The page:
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Wu, Xinxia1, William E Galloway1 
(1) University of Texas at Austin, Austin, TX

ABSTRACT: Depositional and Structural Evolution of the Upper Miocene Depositional Episode, East-Central Gulf of Mexico

Two widespread, transgressive deposits associated with biostratigraphic top Textularia W (12.0 Ma) and Robulus E (6.2 Ma) define the Upper Miocene (Late Middle to Early Late Miocene) depositional episode (UM depisode). The UM depisode records a long-lived family of sediment dispersal systems that persisted for nearly 6 m.y. with little modification. In the east-central Gulf of Mexico, this depisode records extensive margin offlap, primarily centered on the ancestral Tennessee River and Mississippi River dispersal axes. Thickest sediments were deposited in the Tennessee River delta beneath modern SE Louisiana. The composite fluvial-dominated Tennessee and Mississippi delta system rapidly built beyond the subjacent Middle Miocene shelf margin to construct a sandy delta-fed apron. Margin outbuilding was locally and briefly interrupted by hyper-subsidence due to salt withdrawal and consequent slope mass wasting. Sediments also continuously bypassed into the Mississippi Canyon, Atwater Valley and Green Canyon OCS areas throughout the entire UM, forming a secondary depocenter composing the McAVLU submarine fan system at the base of the paleo-continental slope. A broad, but relatively thin, sandy strandplain and clastic shelf succession, supplied by reworking of the deltaic deposits, extends both eastward and westward from the delta system. Abundant strike-reworked sediment locally prograded the strand plain to the shelf edge, with slope offlap exceeding 30 mi (50 km).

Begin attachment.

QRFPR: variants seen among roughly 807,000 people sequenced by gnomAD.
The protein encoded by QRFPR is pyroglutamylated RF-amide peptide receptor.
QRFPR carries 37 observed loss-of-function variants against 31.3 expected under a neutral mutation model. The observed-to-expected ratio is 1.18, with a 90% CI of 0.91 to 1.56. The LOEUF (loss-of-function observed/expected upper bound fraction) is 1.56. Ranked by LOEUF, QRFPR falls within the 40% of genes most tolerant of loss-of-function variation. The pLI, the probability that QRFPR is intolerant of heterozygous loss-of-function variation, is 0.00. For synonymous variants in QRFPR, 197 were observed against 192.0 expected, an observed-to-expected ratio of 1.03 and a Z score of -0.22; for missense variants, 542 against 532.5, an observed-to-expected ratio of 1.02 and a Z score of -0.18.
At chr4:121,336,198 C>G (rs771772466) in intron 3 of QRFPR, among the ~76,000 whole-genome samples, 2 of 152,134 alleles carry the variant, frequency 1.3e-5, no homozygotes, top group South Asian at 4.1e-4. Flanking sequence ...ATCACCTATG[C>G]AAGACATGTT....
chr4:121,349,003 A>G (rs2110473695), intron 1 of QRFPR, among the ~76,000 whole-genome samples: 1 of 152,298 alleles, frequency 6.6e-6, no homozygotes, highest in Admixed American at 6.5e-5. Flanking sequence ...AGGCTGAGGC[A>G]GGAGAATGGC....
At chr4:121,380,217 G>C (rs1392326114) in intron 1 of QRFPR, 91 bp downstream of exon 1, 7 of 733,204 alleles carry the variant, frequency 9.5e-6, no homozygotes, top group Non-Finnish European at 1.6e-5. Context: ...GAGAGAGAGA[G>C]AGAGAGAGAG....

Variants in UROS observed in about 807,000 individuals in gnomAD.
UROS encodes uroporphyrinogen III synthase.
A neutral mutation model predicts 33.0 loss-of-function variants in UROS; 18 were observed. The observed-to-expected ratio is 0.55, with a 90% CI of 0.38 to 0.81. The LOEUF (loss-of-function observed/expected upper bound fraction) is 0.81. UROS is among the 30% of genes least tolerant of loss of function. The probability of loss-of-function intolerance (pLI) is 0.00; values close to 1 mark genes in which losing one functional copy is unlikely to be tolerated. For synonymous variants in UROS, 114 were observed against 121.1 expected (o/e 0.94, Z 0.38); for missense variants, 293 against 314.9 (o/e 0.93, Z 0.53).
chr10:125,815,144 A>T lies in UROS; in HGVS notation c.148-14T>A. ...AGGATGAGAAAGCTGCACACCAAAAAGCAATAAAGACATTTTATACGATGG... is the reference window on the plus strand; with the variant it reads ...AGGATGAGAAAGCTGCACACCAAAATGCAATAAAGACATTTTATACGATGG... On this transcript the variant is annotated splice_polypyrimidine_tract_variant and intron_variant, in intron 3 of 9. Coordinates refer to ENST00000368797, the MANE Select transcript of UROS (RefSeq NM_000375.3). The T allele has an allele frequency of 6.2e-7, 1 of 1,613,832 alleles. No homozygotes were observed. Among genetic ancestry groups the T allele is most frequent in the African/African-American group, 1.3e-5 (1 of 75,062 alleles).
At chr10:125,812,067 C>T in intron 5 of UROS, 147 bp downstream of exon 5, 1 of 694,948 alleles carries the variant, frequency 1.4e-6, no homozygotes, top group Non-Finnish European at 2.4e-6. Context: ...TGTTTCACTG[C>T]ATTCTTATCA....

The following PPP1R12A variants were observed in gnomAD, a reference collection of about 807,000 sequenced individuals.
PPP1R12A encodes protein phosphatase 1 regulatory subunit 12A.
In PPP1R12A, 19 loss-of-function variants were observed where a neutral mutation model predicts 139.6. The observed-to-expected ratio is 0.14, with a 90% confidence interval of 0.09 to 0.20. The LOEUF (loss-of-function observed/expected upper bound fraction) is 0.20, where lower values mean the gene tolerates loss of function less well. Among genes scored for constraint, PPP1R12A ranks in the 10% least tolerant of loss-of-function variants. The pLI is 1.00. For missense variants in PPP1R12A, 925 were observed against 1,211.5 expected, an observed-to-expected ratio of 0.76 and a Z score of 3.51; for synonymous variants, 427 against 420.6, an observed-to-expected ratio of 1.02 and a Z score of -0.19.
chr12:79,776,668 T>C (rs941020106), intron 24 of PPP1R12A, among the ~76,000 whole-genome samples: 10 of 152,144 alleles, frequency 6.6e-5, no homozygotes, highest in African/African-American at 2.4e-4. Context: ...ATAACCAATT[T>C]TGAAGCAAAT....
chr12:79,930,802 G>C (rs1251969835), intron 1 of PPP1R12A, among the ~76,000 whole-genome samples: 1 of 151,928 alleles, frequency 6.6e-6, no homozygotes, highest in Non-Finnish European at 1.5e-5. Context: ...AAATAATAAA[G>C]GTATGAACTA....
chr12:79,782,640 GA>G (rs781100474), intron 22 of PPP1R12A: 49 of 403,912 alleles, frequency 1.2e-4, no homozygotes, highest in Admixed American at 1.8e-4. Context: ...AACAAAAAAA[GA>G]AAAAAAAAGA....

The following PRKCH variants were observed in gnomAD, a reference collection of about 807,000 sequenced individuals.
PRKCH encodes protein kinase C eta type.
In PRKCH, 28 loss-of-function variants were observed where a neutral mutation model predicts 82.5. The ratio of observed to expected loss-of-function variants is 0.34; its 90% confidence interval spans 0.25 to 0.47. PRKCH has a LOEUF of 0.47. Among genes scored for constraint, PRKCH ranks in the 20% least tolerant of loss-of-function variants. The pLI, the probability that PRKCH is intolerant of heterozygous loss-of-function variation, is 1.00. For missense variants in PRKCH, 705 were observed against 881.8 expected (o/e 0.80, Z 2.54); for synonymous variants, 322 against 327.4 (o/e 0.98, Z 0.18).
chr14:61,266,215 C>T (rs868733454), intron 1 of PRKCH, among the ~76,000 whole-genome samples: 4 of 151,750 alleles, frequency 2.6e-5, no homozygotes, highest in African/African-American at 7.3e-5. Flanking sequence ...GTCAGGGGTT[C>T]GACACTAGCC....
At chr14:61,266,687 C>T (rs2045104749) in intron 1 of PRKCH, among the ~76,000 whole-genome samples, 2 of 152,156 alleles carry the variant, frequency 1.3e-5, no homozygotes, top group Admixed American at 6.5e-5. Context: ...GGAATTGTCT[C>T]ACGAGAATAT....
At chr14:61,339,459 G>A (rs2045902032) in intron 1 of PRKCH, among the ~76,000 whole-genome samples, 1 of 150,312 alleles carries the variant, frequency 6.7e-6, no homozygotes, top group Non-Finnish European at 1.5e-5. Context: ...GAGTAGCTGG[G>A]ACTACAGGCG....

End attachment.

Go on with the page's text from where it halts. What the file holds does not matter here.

AAPG Search and Discovery Article #90026©2004 AAPG Annual Meeting, Dallas, Texas, April 18-21, 2004.